Flora and Fauna at Whitchurch Conservation Park

Last week I made a quick drive at lunch time to Whitchurch Conservation Park to take a few photos.

Whitchurch Conservation Park
I was trying to find out what kind of bird this one was, and I came across this amazing resource online, a listing of all Ontario birds, along with small thumbnails of each one. This is an Indigo Bunting (Passerina cyanea). It often migrates by night, using the stars to navigate. Read more about Indigo Buntings on Wikipedia.

Whitchurch Conservation Park
Butterfly with an eye on its wing.

Whitchurch Conservation Park
Honey bee feasting on nectar from the flower pod on top of a second year growth of the biennial Mullein plant. Biennial plants will form the rosette flower the first year, and the stem emerges on the second year. With Mullein, you can eat the root in the first year, but it loses starches and gets quite fibrous in the second year.

Whitchurch Conservation Park
Lily pads in the pond scattered across the surface.

Whitchurch Conservation Park
It appears that the tadpoles from my last visit have turned into little green frogs. This fellow and all of his friends were no more than an inch long. Bait sized...

Whitchurch Conservation Park
The pond is quite shallow and the bottom is densely covered in weeds - perfect hiding places for small fishies and beasties. As I watched the banks, I was half-hoping to see a bear or some deer arrive for a drink or a swim about. Then I thought about what might happen if I saw a black bear. I figured I'd switch my camera onto the movie mode, and take some nice images of the bear, and then quickly recite my last will and testament. I know - that's dramatic. I know - just stand up, appear as a biped, shout, don't stare in its eyes, look 'in charge' and if push comes to shove, use my knife and fight for my life. Karate, or plain knuckle punching, eye-gouging, stab fighting. I have watched a few videos on Philipino knife fighting techniques. I hope they work on bears who try to eat me.

Whitchurch Conservation Park
One of many fish filling the pond - this one was bigger than most, but still only about 2 inches long. I'm hoping someone can help me identify this little fellow. (Update: Matt chimed in and seems to have correctly identified this as a RedEar Sunfish (Lepomis microlophus)- native to Florida and the southern states - also known as a Shellcracker because of how they can eat mussels, snails and other shellfish, they've been introduced as game fish all over North America. They are present in Ontario - as seen in the image above... And Phil has pointed out that this particular RedEar Sunfish's name is Robert. Thank you to both of you.)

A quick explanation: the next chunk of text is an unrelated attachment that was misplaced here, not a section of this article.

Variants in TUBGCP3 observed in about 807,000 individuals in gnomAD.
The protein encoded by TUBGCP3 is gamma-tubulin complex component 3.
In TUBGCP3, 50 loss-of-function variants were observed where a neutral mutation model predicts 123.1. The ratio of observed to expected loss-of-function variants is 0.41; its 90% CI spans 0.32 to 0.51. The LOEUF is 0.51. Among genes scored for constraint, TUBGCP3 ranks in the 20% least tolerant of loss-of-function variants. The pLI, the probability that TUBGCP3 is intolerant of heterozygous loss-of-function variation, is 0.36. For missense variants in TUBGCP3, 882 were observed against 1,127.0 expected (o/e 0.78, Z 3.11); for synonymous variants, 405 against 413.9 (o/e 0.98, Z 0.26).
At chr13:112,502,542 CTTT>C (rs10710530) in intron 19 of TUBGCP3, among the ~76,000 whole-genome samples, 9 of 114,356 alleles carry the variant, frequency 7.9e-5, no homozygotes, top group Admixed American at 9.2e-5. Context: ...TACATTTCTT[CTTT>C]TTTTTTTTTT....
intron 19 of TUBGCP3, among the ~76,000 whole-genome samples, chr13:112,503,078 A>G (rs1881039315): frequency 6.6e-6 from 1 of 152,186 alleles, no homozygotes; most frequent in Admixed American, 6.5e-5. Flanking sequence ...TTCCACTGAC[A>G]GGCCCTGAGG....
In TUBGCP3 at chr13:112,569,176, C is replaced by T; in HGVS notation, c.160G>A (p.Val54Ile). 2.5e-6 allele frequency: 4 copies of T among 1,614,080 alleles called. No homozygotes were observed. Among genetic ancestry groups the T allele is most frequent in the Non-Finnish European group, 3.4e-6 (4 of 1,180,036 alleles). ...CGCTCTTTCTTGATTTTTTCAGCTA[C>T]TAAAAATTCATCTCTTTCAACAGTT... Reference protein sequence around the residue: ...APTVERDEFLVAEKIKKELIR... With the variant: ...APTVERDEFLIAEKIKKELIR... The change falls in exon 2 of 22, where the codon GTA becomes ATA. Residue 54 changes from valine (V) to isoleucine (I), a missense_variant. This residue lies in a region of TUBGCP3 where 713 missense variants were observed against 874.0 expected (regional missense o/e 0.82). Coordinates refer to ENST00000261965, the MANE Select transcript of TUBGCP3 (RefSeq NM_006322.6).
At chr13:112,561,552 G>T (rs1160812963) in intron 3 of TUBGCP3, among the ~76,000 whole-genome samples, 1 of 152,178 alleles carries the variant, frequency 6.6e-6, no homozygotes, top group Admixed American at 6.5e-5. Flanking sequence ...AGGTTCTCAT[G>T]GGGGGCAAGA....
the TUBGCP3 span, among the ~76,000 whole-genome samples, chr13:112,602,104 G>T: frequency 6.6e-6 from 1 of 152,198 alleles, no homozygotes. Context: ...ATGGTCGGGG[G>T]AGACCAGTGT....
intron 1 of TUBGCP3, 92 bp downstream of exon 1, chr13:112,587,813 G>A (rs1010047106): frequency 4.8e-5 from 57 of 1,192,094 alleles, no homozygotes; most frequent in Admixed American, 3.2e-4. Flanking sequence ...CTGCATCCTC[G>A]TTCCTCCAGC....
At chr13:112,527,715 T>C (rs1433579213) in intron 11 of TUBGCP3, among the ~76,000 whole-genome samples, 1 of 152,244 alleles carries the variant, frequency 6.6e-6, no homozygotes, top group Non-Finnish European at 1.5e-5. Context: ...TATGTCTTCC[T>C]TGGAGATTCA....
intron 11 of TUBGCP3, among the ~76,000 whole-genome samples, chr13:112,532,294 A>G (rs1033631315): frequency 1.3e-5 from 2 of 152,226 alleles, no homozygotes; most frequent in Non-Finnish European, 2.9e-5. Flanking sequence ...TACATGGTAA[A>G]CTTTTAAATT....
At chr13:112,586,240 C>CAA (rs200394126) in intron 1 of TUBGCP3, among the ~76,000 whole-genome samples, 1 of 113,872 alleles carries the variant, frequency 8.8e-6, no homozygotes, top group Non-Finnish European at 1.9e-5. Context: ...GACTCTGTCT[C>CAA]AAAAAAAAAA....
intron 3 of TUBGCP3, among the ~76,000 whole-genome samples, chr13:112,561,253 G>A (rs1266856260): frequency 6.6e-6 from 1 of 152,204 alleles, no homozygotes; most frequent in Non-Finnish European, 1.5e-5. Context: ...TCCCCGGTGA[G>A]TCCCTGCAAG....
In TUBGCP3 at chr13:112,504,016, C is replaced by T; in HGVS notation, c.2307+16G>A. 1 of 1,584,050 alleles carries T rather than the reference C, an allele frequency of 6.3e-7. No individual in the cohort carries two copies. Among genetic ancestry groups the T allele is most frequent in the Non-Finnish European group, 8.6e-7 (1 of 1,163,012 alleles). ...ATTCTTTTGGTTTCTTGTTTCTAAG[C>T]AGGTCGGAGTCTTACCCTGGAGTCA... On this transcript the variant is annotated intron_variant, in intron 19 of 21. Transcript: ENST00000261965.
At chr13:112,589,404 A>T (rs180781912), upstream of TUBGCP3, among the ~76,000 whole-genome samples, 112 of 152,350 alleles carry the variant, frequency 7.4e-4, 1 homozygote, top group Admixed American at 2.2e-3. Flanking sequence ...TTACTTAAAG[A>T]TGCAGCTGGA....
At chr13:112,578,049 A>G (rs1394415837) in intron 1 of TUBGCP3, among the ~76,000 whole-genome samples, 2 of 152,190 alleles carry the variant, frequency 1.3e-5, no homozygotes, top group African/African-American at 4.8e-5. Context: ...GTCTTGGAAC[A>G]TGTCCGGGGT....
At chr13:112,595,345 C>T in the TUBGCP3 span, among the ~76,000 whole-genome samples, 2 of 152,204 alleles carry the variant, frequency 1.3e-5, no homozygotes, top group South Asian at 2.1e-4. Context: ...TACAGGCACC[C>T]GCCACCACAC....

Whitchurch Conservation Park
Grassy verge overlooking the pond, just outside of the woods. No-one was there. I fell asleep for an hour under my blanket.

Whitchurch Conservation Park
Dragonfly eating from the tiny white flowers of a Narrow Leaf Plantain.

Whitchurch Conservation Park
The same Indigo Bunting (Passerina cyanea) kept hopping from branch to branch, apparently trying to impress a female Indigo Bunting with brown plumage. He sure had it going on.

Whitchurch Conservation Park
Mayweed, or Stinking Chamomile (Anthemis cotula) flowers covered the clearing by the pond.

Whitchurch Conservation Park
Clouds in the sky

Whitchurch Conservation Park
Bright yellow flowers, identification pending, in amongst white Mayweed, or Stinking Chamomile (Anthemis cotula) flowers.

Whitchurch Conservation Park
Dragonfly sitting on the stalk of a Narrow Leaf Plantain

Whitchurch Conservation Park
White flowered Yarrow.

Whitchurch Conservation Park
Horse Tail.

Whitchurch Conservation Park
Wild Mint.

Whitchurch Conservation Park
Some kind of moth having some nectar from a Mayweed, or Stinking Chamomile (Anthemis cotula) flower.

Whitchurch Conservation Park
Some kind of moth climbing about on a plant.

Cheers,

Mungo

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